Where Have All the Water Fountains Gone?

People are turning away from bottled water as fast as they turned onto it.
Municipalities across Canada and the United States are limiting the sale and
purchase of bottled water in city buildings, bottled water free zones are popping
up on college and university campuses, community groups are phasing out the
use of bottled water, and the message about the ills of this product is all over
the mainstream media.

I was recently asked in an interview about the next steps for the movement
away from bottled water given that the backlash had spread so widely. The
interviewer mentioned that he wasn’t sure what people would do at his local
hockey arena when the only access to water was from an old dusty water
fountain. His question struck a chord and confirmed my belief that the success
of the anti-bottled water movement must more and more be accompanied with
stronger demands for the renewal of public access to potable drinking water.

Municipal leaders have shown that there is a strong political will for increased
use and promotion of tap water. However, we continuously hear of new buildings
being constructed without water fountains and existing buildings decommissioning
older water fountains without replacing them.

One example comes from the University of Central Florida (UCF) where a
$55 million football stadium was constructed with no water fountains.

In September 2007, UCF opened the 45,000 seat football stadium for a home game.
The day of the game was very hot and the concessions had less than 45,000 bottles
of water on hand. The concessions ran out of bottled water and fans were left thirsty.
More than sixty people were treated for heat exhaustion.

In the aftermath, it became clear that by omitting water fountains from the
building plans the University administration had not followed the latest building
codes that required either fountains or large water coolers. The administration
hid behind the fact that the plans for the stadium were created in 2001 when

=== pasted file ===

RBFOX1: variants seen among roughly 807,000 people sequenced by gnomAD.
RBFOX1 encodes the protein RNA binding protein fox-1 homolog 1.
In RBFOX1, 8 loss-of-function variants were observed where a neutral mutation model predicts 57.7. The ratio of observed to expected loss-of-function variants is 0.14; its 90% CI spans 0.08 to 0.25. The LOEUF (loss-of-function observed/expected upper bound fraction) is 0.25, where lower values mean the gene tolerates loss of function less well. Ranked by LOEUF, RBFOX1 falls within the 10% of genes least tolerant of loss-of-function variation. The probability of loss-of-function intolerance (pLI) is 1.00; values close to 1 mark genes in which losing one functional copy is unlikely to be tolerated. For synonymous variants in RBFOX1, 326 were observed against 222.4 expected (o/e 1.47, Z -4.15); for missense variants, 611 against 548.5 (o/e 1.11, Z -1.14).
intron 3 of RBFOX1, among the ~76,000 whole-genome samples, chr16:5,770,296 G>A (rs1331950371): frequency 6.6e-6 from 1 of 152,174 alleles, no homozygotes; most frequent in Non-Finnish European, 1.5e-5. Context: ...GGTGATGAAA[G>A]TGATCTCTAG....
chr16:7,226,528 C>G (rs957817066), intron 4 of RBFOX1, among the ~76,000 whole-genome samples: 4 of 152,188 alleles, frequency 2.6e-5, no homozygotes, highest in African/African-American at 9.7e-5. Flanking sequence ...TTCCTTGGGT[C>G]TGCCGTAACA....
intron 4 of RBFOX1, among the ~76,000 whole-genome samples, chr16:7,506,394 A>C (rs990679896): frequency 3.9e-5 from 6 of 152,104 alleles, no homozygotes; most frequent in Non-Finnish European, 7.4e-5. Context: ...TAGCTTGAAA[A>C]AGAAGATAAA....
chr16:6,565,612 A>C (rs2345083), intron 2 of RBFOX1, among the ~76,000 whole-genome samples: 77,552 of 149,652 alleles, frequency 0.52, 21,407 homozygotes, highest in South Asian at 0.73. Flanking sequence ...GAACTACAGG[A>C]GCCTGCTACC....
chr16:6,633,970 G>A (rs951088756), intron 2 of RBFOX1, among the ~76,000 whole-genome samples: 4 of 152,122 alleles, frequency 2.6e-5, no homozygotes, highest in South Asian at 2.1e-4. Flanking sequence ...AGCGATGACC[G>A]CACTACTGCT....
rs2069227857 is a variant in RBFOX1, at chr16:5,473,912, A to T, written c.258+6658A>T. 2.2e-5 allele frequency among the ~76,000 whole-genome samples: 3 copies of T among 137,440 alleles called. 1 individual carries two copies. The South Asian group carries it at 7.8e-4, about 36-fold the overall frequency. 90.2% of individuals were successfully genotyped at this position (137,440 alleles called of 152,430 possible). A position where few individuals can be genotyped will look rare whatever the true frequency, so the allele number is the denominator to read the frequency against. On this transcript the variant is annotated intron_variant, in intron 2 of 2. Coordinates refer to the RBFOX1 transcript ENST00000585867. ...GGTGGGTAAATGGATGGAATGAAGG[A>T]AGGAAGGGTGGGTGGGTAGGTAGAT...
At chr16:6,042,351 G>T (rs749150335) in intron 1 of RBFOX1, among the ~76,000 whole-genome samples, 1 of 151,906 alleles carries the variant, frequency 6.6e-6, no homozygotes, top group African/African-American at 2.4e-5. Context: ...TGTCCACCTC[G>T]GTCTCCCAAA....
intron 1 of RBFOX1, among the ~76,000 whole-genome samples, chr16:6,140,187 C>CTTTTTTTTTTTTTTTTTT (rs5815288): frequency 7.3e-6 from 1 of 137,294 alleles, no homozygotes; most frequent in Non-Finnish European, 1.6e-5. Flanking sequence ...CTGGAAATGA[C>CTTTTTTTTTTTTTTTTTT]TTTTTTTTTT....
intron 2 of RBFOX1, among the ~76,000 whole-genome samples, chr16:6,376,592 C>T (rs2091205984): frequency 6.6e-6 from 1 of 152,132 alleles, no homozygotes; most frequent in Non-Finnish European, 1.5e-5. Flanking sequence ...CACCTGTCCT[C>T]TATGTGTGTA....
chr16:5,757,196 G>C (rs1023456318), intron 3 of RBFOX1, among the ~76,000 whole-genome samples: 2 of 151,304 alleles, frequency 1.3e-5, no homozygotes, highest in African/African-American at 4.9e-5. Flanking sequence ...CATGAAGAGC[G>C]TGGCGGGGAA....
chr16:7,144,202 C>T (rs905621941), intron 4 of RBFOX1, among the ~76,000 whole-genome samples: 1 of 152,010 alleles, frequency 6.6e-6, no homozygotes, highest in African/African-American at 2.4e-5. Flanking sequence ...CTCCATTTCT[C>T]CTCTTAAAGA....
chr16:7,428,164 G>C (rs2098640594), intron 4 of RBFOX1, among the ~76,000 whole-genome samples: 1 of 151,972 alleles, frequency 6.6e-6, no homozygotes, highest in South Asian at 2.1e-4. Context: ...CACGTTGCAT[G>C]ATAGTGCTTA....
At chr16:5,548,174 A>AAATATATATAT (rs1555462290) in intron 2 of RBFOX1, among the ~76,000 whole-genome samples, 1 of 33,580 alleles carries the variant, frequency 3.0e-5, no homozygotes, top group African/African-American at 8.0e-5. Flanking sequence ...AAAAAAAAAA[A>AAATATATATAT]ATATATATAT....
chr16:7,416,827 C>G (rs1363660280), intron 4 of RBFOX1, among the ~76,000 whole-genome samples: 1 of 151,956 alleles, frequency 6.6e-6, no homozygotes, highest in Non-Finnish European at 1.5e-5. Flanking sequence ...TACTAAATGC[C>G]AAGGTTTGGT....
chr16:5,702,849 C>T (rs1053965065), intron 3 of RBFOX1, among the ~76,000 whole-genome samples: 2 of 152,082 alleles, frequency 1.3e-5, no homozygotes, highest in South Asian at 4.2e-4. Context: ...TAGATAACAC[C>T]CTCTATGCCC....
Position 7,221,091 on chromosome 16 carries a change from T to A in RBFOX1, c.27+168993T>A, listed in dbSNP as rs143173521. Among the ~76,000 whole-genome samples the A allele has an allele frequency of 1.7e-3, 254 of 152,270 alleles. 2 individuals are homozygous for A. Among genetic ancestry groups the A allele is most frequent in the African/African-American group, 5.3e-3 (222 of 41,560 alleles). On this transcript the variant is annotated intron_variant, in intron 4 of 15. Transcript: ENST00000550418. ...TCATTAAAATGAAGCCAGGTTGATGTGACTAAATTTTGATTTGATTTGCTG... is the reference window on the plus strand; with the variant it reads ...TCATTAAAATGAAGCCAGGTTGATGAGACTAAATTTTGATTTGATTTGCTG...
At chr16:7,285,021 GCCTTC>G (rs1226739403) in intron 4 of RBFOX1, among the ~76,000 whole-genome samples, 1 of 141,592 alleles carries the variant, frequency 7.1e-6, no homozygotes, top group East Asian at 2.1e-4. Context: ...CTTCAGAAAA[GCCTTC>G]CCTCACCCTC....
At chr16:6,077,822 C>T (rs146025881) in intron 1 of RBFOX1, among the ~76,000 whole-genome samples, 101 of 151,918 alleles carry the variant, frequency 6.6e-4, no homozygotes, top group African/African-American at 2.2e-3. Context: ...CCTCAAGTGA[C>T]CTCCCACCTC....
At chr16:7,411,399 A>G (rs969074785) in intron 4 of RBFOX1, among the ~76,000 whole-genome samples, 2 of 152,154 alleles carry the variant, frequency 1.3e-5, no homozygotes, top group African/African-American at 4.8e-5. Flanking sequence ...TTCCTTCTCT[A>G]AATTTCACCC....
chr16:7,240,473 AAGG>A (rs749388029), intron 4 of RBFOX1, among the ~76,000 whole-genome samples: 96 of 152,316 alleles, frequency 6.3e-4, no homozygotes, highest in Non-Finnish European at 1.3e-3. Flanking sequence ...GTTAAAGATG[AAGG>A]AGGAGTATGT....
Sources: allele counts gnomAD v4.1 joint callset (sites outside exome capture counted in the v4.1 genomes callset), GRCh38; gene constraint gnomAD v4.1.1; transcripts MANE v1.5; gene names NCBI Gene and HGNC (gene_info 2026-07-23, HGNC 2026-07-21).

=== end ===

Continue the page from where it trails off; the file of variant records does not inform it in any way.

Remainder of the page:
the building code stated that selling single serve bottled water would be enough
to hydrate tens of thousands of people.

The University and the developers knew that there were no water fountains in the
building plans, and relied on the concession stands to supply drinking water at $3
a bottle. This was a conscious choice to exclude water fountains, and in this case,
the choice was to interpret the building codes in such a way that would ensure
expensive single serve bottled water would be the only water available in the stadium.

Outraged students quickly mobilized an online campaign to pressure the
university administration to install water fountains. The campaign got the
attention of the media, and the university administration quickly promised to
install 50 water fountains in the stadium.

A Canadian example of water fountain omission comes from a recent survey of
corporate presence on Canadian university campuses. The survey confirmed that
access to drinking water on university campuses is becoming increasingly limited.
Respondents to the survey noted a reduction of the number of fountains on
campus and an increasing number of broken fountains. One respondent from
Brock University said that, “In new buildings on campus, there are no water
fountains, only Pepsi machines, and the water fountains that do exist are sparse